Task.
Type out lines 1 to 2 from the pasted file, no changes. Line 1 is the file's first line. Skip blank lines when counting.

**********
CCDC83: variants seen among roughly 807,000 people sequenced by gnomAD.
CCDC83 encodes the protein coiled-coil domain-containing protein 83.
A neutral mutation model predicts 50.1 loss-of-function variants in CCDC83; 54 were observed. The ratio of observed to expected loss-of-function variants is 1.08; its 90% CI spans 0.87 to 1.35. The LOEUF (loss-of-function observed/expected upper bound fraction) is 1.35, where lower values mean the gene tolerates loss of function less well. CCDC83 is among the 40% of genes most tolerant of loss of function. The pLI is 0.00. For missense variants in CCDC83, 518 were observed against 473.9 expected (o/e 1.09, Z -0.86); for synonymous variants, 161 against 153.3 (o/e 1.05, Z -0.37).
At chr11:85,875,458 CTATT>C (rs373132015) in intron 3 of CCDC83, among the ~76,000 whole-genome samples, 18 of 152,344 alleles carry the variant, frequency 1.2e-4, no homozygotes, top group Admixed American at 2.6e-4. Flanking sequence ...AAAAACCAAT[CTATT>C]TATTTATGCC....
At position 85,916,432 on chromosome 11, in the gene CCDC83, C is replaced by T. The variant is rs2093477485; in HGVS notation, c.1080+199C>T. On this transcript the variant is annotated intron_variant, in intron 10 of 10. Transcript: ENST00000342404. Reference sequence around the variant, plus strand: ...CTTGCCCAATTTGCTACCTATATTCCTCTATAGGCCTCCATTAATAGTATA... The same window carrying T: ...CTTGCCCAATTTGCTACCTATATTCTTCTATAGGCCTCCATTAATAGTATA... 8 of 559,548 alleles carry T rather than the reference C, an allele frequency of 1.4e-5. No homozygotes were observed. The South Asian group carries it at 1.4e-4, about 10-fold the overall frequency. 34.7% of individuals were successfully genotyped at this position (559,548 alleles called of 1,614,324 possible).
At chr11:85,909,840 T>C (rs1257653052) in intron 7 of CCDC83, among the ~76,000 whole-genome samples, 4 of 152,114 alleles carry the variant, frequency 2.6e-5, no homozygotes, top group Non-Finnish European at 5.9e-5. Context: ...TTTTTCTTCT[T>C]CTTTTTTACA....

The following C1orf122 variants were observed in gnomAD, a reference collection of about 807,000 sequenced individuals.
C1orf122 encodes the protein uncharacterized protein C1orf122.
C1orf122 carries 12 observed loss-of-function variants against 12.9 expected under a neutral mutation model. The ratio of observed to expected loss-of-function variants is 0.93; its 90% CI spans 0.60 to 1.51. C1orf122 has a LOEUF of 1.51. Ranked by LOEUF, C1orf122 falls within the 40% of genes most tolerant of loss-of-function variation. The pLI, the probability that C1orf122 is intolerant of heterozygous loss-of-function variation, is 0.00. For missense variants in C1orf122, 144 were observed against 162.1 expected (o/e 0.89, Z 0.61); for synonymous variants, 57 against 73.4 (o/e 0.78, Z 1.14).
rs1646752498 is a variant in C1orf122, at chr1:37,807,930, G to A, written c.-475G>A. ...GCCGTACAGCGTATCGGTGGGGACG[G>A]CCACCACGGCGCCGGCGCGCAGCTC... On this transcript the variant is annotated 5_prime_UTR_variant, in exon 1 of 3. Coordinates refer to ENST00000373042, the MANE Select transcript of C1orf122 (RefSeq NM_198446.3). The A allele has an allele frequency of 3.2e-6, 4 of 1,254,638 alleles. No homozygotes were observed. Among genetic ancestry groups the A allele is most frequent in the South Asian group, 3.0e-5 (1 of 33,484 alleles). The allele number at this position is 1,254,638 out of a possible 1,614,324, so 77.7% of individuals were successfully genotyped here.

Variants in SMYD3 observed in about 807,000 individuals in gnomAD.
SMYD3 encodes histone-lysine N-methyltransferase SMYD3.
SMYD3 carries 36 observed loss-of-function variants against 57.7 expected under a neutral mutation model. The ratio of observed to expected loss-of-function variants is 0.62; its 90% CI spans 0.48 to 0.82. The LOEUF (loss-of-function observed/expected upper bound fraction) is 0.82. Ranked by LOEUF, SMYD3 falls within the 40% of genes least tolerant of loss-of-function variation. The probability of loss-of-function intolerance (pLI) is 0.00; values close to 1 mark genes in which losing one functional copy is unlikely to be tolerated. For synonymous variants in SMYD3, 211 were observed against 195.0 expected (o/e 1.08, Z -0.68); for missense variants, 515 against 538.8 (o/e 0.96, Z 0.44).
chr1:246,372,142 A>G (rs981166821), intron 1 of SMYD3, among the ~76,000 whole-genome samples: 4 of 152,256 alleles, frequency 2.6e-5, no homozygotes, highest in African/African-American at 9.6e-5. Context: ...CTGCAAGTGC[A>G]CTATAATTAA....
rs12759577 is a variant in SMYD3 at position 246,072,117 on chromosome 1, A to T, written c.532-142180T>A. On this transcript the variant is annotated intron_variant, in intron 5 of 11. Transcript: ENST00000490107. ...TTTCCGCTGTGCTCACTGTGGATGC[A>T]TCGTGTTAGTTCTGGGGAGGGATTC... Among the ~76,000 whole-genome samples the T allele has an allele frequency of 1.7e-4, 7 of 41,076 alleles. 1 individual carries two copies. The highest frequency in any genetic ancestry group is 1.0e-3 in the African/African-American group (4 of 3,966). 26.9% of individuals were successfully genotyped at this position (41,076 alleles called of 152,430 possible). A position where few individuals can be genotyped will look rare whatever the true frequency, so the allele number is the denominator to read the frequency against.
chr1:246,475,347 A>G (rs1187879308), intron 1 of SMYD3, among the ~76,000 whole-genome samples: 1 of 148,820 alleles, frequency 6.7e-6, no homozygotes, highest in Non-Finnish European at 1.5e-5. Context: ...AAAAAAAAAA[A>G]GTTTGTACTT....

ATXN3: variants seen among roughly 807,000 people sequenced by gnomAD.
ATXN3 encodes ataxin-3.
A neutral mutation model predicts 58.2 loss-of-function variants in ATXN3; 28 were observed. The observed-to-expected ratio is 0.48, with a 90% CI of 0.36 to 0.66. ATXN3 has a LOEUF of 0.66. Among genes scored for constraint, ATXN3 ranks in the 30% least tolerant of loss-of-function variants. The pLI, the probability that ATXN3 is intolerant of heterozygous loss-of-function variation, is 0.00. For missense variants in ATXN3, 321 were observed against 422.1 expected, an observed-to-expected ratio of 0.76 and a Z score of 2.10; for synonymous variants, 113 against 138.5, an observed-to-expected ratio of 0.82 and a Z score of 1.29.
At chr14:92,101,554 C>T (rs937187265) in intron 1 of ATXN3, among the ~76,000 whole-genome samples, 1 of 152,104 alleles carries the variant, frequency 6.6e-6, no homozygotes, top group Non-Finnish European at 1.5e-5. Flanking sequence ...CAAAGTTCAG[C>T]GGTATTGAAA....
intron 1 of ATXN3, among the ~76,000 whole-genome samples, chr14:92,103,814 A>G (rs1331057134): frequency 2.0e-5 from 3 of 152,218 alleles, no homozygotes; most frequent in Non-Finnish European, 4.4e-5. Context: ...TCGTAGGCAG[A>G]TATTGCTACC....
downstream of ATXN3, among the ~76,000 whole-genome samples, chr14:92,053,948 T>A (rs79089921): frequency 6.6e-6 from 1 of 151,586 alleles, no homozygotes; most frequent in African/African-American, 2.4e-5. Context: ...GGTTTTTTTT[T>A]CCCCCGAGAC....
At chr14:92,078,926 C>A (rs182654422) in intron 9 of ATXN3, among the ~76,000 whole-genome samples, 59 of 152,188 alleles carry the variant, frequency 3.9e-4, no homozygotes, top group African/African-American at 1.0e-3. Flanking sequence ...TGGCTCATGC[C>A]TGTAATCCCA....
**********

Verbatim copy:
CCDC83: variants seen among roughly 807,000 people sequenced by gnomAD.
CCDC83 encodes the protein coiled-coil domain-containing protein 83.